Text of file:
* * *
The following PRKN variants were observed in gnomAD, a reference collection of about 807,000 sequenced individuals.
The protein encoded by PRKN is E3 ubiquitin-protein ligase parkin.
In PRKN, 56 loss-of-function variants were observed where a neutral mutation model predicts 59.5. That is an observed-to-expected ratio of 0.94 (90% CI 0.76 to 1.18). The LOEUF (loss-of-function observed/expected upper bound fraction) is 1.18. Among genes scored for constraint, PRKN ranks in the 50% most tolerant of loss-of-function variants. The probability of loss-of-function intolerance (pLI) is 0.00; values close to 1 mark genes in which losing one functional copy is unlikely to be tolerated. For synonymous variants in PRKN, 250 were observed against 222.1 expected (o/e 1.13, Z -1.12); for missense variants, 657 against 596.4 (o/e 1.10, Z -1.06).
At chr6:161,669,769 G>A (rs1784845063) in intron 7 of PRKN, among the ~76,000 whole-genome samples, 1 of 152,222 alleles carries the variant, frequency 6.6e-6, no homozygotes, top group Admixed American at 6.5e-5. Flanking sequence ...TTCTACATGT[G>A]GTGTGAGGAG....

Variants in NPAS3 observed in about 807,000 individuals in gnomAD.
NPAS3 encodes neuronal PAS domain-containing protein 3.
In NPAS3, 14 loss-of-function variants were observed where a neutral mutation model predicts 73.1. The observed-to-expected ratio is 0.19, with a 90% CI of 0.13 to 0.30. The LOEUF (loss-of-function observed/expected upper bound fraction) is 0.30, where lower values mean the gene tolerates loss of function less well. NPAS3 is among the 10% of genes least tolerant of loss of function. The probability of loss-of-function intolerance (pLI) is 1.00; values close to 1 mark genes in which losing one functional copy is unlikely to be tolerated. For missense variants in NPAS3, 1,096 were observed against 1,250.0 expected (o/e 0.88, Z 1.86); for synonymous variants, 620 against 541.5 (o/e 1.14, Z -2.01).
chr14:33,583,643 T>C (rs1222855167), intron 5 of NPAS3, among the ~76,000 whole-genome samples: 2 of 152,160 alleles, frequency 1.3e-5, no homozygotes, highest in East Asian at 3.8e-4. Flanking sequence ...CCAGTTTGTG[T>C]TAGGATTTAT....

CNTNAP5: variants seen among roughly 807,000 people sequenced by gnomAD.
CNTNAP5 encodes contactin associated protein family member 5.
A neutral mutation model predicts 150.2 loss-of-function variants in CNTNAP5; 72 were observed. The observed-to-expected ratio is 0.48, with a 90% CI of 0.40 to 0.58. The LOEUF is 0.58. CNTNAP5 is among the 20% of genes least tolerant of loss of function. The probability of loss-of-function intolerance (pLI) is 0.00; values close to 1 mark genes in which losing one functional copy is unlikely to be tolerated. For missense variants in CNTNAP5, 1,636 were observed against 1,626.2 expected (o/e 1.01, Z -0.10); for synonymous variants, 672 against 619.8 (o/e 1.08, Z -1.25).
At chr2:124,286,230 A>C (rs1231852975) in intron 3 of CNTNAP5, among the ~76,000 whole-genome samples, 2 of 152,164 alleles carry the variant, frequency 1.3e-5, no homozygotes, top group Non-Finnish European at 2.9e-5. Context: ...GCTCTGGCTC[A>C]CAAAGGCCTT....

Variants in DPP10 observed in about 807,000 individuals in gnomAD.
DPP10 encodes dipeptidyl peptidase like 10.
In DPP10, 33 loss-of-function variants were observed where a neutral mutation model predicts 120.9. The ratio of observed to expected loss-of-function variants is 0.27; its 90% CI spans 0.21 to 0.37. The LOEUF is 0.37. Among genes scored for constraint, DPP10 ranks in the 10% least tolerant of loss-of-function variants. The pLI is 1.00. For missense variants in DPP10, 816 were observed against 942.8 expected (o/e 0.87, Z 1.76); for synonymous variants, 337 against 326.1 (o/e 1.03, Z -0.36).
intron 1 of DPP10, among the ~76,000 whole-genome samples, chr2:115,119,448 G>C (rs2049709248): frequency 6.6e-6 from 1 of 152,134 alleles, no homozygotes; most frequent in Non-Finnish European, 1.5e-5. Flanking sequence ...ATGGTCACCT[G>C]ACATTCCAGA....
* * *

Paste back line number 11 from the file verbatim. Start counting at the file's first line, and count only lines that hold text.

A neutral mutation model predicts 150.2 loss-of-function variants in CNTNAP5; 72 were observed. The observed-to-expected ratio is 0.48, with a 90% CI of 0.40 to 0.58. The LOEUF is 0.58. CNTNAP5 is among the 20% of genes least tolerant of loss of function. The probability of loss-of-function intolerance (pLI) is 0.00; values close to 1 mark genes in which losing one functional copy is unlikely to be tolerated. For missense variants in CNTNAP5, 1,636 were observed against 1,626.2 expected (o/e 1.01, Z -0.10); for synonymous variants, 672 against 619.8 (o/e 1.08, Z -1.25).